The mission parameters have all been exceeded with the extra time the T-800 has had to live amongst the humans. John Connor teaches the T-800 a lot and also because John Connor is his “boss” in the future, the T-800 pays mind to what he says. The mission parameters would have never been exceeded if the T-800 merely killed of the T-1000 immediately like it is programmed to do, packed its bags and went home. However, the course of the movie means to show how although not programmed to feel emotion, comes to learn the emotional reflexes of humans and the intangible reasons for the actions they take in life. The T-800 over the course of the movie learns to not kill mindlessly because John tell him that humans don’t go around doing that because it hurts. The T-800 learns more than just mission objectives and discovers the deeper meanings for which humans live. Their mission parameters are very limited, however the T-800 eventually comes to see that humans aren’t programmed to meet mission requirements, but rather live for something more important than that.

  15. pythagoras permalink

    It’s a tricky matter, I think. Even if we added tear ducts to a T-800 and taught them to cry (perhaps by adding some kind of sub-routine to their programming), I’m not sure that would be enough to convince me that they’ve managed to recognize the loss that goes with sadness. Even though the T-800 isn’t able to manifest human values in the way that we do, he does see them from the inside, at least to some extent. He makes a bigger sacrifice than most humans will ever make (thank goodness!) at the end of the film. But I still don’t quite understand how he gets there.

  16. The T-800 has transcended his original mission parameters by understanding the value of human life. Throughout his experience of protecting John Connor from danger, the Terminator his learned some basic aspects of human life that lead him to learn more than the average T-800 programmed parameters. He has outgrown his mission parameters because of the built relationship with John. John spent the time he had with the T-800 to teach him common slang phrases used in everyday life so that the Terminator could fit into human life more effectively, he taught the T-800 the love he has for his mother, and because of these interactions, the T-800 was able to grow into a machine that understood the meaning of sacrifice. The Terminator could see the emotion pouring from John’s face right before he descends into the melting lava, and can understand the fact that John must care deeply for him; yet, the mission parameter programmed robot took it upon himself to look past his future self-destruction for the sake of humans. John made it clear that he ordered the T-800 not to burn, and a regular T-800 would have followed the programmed mission parameters and listened to the order, but the Terminator has come to understand the value of a human life. The Terminator defies an order, which definitely expands the mission parameters of his model, which means that the T-800 based his decision off of something greater than himself- Human life. His experiences and journey alongside humans, like John, helped him understand his current place in the world, and how much greater he could be because of his interaction with the humans.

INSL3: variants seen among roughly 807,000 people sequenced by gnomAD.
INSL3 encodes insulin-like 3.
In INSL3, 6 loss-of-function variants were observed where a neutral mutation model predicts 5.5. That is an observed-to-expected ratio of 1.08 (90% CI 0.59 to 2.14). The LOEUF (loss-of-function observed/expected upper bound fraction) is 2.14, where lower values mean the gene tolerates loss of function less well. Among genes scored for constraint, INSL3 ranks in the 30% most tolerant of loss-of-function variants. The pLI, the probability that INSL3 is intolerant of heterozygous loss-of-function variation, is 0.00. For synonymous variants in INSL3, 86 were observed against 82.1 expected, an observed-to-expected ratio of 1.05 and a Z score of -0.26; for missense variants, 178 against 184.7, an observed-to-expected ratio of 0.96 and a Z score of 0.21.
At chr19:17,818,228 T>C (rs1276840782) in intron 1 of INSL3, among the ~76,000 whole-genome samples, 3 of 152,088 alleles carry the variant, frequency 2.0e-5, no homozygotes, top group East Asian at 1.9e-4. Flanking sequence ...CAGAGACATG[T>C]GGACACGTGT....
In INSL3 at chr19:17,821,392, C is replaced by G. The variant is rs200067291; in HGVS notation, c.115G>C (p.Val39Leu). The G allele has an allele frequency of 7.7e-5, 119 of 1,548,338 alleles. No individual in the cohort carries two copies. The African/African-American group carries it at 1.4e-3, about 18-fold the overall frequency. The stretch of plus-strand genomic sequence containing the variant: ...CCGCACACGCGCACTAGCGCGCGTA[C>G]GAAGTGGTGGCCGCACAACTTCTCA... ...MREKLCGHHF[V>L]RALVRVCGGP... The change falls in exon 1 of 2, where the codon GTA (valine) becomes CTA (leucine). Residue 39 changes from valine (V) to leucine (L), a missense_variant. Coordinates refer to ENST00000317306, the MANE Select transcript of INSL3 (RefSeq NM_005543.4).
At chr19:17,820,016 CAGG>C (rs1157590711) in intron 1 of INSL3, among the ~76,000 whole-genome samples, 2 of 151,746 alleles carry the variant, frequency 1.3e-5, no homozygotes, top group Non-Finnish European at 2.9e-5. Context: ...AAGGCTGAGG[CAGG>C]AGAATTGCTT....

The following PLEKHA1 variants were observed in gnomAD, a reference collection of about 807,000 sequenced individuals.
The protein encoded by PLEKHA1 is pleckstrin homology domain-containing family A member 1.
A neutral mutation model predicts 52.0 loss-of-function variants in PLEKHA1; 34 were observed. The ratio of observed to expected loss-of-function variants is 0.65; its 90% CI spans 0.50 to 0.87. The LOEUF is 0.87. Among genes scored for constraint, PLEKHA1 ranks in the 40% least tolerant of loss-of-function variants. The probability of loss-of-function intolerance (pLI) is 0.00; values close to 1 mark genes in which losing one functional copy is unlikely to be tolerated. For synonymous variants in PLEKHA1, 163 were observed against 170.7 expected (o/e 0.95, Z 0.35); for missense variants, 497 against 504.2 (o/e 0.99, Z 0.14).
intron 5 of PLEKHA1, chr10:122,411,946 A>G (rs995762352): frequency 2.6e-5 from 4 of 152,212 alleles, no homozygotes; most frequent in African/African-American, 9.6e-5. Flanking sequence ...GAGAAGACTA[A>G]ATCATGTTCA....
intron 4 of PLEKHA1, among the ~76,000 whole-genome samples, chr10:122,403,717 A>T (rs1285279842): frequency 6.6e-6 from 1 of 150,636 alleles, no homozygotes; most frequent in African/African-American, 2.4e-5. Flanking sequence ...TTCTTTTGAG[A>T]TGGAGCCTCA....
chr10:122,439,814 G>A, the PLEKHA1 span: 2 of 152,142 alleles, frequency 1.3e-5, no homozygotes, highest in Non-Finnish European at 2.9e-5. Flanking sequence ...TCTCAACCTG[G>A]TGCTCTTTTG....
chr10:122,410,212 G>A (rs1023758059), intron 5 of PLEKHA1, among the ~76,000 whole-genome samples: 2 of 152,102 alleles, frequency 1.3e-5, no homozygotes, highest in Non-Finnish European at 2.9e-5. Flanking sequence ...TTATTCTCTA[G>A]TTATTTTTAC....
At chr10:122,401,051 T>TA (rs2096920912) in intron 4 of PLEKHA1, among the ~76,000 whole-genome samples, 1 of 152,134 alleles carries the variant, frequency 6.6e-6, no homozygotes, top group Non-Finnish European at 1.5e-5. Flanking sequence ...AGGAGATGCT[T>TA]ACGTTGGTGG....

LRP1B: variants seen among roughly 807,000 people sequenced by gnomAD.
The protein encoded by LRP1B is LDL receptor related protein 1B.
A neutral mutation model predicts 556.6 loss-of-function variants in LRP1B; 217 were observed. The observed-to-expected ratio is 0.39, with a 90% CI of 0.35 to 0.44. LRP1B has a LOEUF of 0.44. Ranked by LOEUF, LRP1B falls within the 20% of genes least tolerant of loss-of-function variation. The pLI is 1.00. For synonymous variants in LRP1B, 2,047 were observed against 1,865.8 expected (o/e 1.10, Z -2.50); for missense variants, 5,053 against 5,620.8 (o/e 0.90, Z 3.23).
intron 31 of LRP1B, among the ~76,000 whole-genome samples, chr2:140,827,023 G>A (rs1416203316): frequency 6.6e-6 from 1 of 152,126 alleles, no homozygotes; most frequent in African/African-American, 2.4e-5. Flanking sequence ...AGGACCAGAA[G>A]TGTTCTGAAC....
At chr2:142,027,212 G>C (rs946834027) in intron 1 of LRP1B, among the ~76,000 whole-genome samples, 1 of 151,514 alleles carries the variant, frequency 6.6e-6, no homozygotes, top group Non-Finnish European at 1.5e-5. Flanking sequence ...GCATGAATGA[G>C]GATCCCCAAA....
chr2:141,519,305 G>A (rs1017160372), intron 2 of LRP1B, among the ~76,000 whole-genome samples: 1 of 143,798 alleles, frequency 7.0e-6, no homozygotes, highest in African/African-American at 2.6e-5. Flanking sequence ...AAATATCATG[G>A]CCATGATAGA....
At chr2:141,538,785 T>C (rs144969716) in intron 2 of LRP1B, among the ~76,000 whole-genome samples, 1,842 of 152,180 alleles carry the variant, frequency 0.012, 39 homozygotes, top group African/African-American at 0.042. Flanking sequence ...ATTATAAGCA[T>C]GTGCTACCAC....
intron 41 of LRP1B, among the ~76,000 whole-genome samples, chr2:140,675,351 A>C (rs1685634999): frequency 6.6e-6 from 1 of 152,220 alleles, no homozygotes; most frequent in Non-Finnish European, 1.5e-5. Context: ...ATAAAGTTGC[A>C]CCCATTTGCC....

17. John Yang permalink

    The idea of Kurzweil’s singularity, or humans bringing about the emergence of a theoretical super-intelligence through technological advances, the intellect of which is conceptually above our own comprehension, could result in two scenarios that are conceivable to us at this time. One is that this super-intelligence essentially becomes something akin to what is portrayed by Skynet in the Terminator series or the Machine race in the Matrix trilogy, and the other is that it harmoniously coexists with the human race, allowing us to reach new heights of evolution, knowledge, and potential. I believe that men and women like Myles are not working, advertently or inadvertently, towards our extinction; the very existence of a super-intelligence in no way guarantees hostility towards humans or heralds our destruction. Rather, a super-intelligence, for all its transcendent understanding, is still a being that should, at least by our (possibly primitive) understanding, act in its own preservation. Skynet, after all, only hunts down Sarah and John Connor as well as the entire human race after it perceives humans attempting to shut it down as a vital threat, and understandably so. Morpheus states in the Matrix that no one knows who struck first, the humans or the machines, but one could easily presume that there was a fair chance that humans struck the first blow in fear or as a pre-emptive strike. How men and women interact with a super-intelligence when it emerges is the key to whether that super-intelligence’s actions will hail humanity’s extinction. Wild, paranoid fear could easily bring about our demise, while calm, rational decisions and prevention of hasty action could very well be just as instrumental as the work of men and women like Myles to cause the advent of humanity’s evolution. With that sort of a mindset, people like Myles will have laid the groundwork, and people can simply step through the threshold to bring themselves to a new era of untold advancement.